Currently viewing the tag: "bug of the month"
What's That Bug? does not endorse extermination

Subject:  Eastern Tiger Swallowtails
Geographic location of the bug:  Campbell, Ohio
Date: 08/02/2020
Time: 11:10 AM EDT
Gentle Readers,
Daniel has been called out of town for a family emergency, and low and behold, he has finally entered the 21st Century by purchasing his first mobile phone, and he has been calling the iPhone 11 Pro he just bought his Magic Phone.  The magic phone takes gorgeous digital images, and Daniel has been taking images of the insects found in The Rust Belt.  Here are images of a male and female (blue scales on the underwings) Eastern Tiger Swallowtails that have been visiting the butterfly bush he is planting in his childhood front yard to replace the dead shrubs that are being removed.  Daniel apologizes for ignoring the numerous identification requests that have been flooding in, but family obligations are currently taking up most of his time.  Daniel hopes to also get some images of the Spicebush Swallowtails that he has seen in the past week.

The male Eastern Tiger Swallowtail is smaller and lacks the blue scales on the underwings.

The larger female Eastern Tiger Swallowtail has beautiful blue scales on the underwings.

What's That Bug? does not endorse extermination

Subject:  Robber Fly?
Geographic location of the bug:  San Antonio TX
Date: 07/06/2020
Time: 05:40 PM EDT
Your letter to the bugman:  Took a few photos of this beautiful bug in my backyard.
May be a robber fly just hatched.
How you want your letter signed:  Niccodemure

Belzebul Bee Eater

Dear Niccodemure,
Thanks so much for sending in your gorgeous images of a very impressive Belzebul Bee Eater, one of the most magnificent North American Robber Flies. Daniel is running a bit behind this month, but he has selected your submission as the Bug of the Month for July 2020

Belzebul Bee Eater

What's That Bug? does not endorse extermination

Subject:  Yellow or Anise Swallowtail
Geographic location of the bug:  West Los Angeles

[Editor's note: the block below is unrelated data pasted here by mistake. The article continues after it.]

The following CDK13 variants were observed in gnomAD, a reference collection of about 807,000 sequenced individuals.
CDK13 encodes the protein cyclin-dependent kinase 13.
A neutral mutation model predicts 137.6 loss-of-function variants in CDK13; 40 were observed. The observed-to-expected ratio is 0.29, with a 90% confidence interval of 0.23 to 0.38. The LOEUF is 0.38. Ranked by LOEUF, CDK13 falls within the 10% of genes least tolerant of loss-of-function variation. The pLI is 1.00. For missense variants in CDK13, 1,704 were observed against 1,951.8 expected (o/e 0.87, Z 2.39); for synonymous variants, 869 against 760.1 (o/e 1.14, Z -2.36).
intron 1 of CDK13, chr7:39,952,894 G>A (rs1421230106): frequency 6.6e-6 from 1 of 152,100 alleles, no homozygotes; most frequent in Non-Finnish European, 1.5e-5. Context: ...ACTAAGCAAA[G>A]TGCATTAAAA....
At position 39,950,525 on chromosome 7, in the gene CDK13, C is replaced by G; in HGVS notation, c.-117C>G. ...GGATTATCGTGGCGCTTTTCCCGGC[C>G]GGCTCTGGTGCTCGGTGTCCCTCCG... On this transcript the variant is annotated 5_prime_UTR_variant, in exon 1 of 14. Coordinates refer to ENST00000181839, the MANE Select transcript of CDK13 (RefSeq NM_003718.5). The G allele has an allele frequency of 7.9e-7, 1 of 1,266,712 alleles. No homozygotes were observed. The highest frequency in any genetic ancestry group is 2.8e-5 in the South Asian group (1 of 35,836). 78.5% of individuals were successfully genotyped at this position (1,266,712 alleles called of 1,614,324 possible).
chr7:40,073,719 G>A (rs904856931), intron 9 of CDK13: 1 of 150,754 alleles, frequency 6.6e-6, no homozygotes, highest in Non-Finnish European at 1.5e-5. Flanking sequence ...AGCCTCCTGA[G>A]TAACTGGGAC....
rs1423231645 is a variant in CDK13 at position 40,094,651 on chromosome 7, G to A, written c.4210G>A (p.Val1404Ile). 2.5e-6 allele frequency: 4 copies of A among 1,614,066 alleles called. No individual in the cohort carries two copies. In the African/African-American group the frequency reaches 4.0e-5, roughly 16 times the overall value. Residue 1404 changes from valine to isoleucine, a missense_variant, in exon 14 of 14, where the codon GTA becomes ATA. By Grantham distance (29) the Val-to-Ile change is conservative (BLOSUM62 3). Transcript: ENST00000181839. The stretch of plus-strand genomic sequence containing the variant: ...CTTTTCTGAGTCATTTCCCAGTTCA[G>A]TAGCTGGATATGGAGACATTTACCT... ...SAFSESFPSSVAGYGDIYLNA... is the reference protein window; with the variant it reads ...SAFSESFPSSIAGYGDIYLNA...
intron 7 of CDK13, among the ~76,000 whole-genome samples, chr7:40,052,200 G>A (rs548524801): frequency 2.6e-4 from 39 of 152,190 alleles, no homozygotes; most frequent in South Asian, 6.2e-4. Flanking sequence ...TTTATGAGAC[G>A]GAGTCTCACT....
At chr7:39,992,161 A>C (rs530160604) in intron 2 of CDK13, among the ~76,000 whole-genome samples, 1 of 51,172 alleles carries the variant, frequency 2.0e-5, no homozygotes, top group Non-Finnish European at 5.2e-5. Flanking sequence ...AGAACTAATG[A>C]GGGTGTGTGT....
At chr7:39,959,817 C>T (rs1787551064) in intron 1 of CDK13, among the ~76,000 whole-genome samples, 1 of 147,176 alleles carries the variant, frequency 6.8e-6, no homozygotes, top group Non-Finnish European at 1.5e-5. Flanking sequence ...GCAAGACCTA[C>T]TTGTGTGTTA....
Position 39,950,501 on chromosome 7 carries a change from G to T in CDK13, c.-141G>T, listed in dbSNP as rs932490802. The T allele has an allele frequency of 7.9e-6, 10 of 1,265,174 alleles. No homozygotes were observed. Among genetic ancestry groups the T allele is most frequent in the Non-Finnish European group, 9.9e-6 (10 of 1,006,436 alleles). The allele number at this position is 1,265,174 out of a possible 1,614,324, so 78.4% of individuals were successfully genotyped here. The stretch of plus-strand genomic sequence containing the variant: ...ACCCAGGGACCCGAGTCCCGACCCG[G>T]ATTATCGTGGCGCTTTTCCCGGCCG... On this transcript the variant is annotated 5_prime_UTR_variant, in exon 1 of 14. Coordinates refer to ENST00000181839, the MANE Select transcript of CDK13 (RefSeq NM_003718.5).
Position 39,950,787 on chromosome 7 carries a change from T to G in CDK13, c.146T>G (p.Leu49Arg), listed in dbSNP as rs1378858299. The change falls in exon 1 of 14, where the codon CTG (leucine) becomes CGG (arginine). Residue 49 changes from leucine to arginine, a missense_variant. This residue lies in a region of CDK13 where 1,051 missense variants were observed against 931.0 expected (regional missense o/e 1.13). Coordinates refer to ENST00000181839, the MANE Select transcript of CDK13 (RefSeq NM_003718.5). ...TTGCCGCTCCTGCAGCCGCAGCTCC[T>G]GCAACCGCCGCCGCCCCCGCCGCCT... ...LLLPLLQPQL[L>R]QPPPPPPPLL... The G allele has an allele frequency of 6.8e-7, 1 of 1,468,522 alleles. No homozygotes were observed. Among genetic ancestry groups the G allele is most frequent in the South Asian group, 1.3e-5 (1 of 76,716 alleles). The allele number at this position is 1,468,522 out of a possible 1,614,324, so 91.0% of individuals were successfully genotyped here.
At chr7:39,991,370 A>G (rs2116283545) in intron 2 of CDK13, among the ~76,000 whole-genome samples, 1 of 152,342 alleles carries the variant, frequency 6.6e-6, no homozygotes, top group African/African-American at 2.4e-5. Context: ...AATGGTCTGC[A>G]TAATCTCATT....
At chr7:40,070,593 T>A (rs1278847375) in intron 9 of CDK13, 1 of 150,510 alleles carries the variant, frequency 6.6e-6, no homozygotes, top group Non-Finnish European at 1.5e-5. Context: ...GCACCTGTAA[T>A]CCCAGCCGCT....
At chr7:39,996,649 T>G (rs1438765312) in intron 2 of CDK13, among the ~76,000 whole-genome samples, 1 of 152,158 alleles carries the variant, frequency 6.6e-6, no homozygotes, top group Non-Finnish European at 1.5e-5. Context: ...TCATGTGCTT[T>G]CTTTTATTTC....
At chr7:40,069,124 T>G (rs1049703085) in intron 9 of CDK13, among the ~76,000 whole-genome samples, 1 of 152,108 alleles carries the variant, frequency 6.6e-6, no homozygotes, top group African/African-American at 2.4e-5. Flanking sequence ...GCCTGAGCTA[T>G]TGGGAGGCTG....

Date: 05/14/2020
Time: 05:47 PM EDT
Your letter to the bugman:  Hi Bugman,
Is this a yellow swallowtail or an anise swallowtail (or are they the same)? She’s laying her eggs on a fennel plant.
Thanks,
How you want your letter signed:  Jeff Bremer

Anise Swallowtail Ovipositing

Dear Jeff,
Please forgive our tardy response.  According to the Jeffrey Glassberg book
Butterflies Through Binoculars The West, the Anise Swallowtail has both a dark and a light or yellow form, and they are not designated as  distinct subspecies.  The two color forms exist over much of the species’ range.  According to BugGuide, there are two subspecies and BugGuide notes:  “There has been a lot of debate over the years as to whether the inland populations of P. zelicaon are different enough to consider as a distinct subspecies from ‘typical’ zelicaon from closer to the Pacific. Also, it is debated, assuming there is a difference, just what the difference is, and where one population begins and the other ends.”  We always appreciate your butterfly submissions and we are tagging this submission of an Anise Swallowtail as our Bug of the Month for June 2020.  As a side note, Daniel was excited to find a young Anise Swallowtail caterpillar on a dill umbel in his garden and he watched it grow over the course of a week, only to have it vanish.  The suspected culprit is a Paper Wasp seen patrolling the dill plant the day the caterpillar vanished.

What's That Bug? does not endorse extermination

Subject:  Dark Winged Beauty
Geographic location of the bug:  Ventura, California
Date: 05/25/2020
Time: 07:27 PM EDT
Your letter to the bugman:  Dear Bugman,